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For they have their own thoughts.

Dear Kim,

I have given up wondering how we got here. It takes us too far down this dreadful Intelligent Design vs. Evolution argument, which somehow disintegrates into a treatise against stem cell research and reproductive choice and gay rights.

What I do is dwell in the mystery. The wonder that we are here. The beauty of nature, creativity of artists, decency of most people, possibilities of commitment and authentic connection. The list of what we have to be grateful for could take me the rest of my life to list. Like the sheer pleasure of the breath.

I often, in fact, almost daily struggle with inequities of the world. Why there is so much poverty?. Why some have so much and others, so little? Sometimes, it comforts me when I think about people I know who are materially poor—like Emma, who cleans our offices—but is deeply rich in spirit.

Then, she talks about her struggles around Medicare and my liberal rationalizations go out the window.

I do not understand why people are so cruel to each other. Why we get into wars where people die. But I bet if you trace things back, a lot of it has to do with money. Or money stands ins. Land. Oil. Trade Routes.

You say you wonder why and how people are moved to make marriages and create families.

That seems like an enormous leap of faith to me, too.

(Kim: I don't understand what you call this a leap of faith.)

And it is one that I have not been able to bring myself to do to this point. But you did it. Almost 40 years ago with Linda. And you chose to have and raise two children.

So what were you thinking? What moved you to that place?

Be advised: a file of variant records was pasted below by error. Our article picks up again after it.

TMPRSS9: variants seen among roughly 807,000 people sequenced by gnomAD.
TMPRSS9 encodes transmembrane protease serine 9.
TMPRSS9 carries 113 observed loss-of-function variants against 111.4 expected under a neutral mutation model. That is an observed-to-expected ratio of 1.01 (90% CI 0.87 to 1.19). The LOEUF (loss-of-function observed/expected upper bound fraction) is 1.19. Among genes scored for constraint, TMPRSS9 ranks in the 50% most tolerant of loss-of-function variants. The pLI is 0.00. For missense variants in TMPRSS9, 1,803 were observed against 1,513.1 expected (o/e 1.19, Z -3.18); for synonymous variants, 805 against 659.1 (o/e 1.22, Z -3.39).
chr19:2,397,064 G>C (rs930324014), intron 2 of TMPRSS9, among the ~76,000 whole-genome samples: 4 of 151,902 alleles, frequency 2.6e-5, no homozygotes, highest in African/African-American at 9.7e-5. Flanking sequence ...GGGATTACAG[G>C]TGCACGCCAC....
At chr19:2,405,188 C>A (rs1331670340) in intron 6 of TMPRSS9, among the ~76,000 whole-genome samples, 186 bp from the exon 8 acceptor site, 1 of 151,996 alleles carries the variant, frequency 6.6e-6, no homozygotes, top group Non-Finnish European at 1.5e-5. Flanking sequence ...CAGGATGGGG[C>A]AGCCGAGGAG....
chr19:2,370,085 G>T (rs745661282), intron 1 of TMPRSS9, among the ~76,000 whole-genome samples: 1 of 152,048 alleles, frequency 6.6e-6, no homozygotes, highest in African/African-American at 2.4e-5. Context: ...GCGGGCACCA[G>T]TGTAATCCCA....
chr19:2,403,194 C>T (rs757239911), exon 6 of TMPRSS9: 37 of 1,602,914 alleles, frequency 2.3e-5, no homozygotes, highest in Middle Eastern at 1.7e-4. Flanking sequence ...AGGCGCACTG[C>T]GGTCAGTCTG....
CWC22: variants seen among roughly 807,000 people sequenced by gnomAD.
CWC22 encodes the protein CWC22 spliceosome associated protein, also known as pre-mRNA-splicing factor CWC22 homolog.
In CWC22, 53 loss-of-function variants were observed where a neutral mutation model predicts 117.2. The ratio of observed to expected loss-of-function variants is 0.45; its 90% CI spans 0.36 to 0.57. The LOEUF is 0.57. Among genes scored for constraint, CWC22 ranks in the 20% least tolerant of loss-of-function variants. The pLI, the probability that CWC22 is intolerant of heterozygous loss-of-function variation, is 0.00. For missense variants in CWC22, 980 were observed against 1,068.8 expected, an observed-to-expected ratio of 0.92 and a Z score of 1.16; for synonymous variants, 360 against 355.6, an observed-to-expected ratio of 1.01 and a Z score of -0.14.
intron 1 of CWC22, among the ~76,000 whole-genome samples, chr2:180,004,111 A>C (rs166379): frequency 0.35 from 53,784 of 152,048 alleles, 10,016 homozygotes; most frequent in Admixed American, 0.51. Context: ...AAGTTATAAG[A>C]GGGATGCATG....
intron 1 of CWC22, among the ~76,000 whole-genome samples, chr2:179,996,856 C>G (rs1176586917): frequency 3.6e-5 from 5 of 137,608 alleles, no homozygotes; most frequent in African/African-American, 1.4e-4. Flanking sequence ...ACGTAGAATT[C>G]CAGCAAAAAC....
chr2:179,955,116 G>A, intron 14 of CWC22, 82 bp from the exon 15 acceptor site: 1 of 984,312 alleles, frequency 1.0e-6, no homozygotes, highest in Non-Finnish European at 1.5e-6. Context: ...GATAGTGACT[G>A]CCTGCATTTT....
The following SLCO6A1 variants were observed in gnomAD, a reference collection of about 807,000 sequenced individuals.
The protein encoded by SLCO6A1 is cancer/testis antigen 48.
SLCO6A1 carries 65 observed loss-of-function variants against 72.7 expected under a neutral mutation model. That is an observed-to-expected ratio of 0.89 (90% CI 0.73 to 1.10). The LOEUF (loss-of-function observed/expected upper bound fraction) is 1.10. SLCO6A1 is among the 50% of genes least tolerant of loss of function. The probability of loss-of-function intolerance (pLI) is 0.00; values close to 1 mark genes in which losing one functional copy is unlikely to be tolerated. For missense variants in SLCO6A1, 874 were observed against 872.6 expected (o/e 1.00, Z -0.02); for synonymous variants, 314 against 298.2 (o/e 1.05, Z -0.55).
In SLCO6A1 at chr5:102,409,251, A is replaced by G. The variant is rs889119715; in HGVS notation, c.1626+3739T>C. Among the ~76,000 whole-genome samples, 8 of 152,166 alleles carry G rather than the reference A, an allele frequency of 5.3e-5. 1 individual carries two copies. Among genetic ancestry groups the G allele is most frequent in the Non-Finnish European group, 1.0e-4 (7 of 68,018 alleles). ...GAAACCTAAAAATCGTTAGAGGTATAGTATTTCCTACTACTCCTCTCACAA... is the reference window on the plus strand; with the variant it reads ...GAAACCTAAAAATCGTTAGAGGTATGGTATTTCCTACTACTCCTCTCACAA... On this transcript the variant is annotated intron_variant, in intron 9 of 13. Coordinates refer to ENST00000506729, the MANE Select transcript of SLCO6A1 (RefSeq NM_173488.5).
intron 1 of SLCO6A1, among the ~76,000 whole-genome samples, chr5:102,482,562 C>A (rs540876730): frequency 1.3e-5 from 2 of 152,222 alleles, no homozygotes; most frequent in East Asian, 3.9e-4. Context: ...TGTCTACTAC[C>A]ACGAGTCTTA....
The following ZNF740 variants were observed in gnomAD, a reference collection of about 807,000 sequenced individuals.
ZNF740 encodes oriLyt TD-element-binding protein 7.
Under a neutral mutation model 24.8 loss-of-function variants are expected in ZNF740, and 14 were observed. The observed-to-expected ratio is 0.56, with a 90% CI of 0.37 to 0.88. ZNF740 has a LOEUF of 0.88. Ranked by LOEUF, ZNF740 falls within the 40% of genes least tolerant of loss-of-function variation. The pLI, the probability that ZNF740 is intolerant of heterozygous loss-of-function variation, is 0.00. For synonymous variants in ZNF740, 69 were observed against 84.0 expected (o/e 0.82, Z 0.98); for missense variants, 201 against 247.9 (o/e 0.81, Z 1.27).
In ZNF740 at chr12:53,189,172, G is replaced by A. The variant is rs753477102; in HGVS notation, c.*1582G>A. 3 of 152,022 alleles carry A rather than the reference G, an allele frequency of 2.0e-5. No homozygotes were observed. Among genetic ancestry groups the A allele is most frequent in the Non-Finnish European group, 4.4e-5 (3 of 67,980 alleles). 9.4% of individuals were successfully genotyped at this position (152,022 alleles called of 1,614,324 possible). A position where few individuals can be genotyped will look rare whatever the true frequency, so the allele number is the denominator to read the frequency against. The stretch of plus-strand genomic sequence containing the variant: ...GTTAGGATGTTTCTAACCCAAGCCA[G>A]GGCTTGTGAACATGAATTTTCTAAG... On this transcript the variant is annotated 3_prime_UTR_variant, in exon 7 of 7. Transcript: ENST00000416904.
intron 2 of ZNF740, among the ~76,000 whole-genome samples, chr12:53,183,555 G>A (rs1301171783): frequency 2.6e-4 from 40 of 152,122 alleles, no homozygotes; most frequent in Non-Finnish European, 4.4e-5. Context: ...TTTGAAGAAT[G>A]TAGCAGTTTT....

I am also wondering about the possible connection for you between all this and the wedding of your son. The start of a new life and an extension of your family. This is really big stuff. I am wondering and also concerned about why you are feeling so blue.

Could it be the contrast between that which is sacred and about the best that we might be and the profane, about where we too often dwell?

It is too easy for me to ask questions and then begin to answer them myself. So I hope you will speak back why you are in this place on this particular day.

(Kim: I'm feeling some grief in the joy of my son marrying. It is as if he's gone off to a foreign planet. I think of William Blake's poem: "He who binds himself to a joy, doeth the wingeth life destroy. But he who kisses a joy as it flies, lives in eternities sunrise." I know that it is time to let go, but that is very difficult. And I didn't expect that it would be difficult...it is like when he left home at 19 and went to the Art Institute in Chicago.)

(Kim: My parents were really clear that though they loved us and would do anything for us, we were not their life. Why and how do some parents make their kids their life.

I think of The Prophet here,

"Your children are not your children.
They are the sons and daughters of Life's longing for itself.
They come through you,
And though they are with you they belong not to you."

This is much easier said than acted upon.)

Later,

Joan
Tuesday,
Jan 3, 2006

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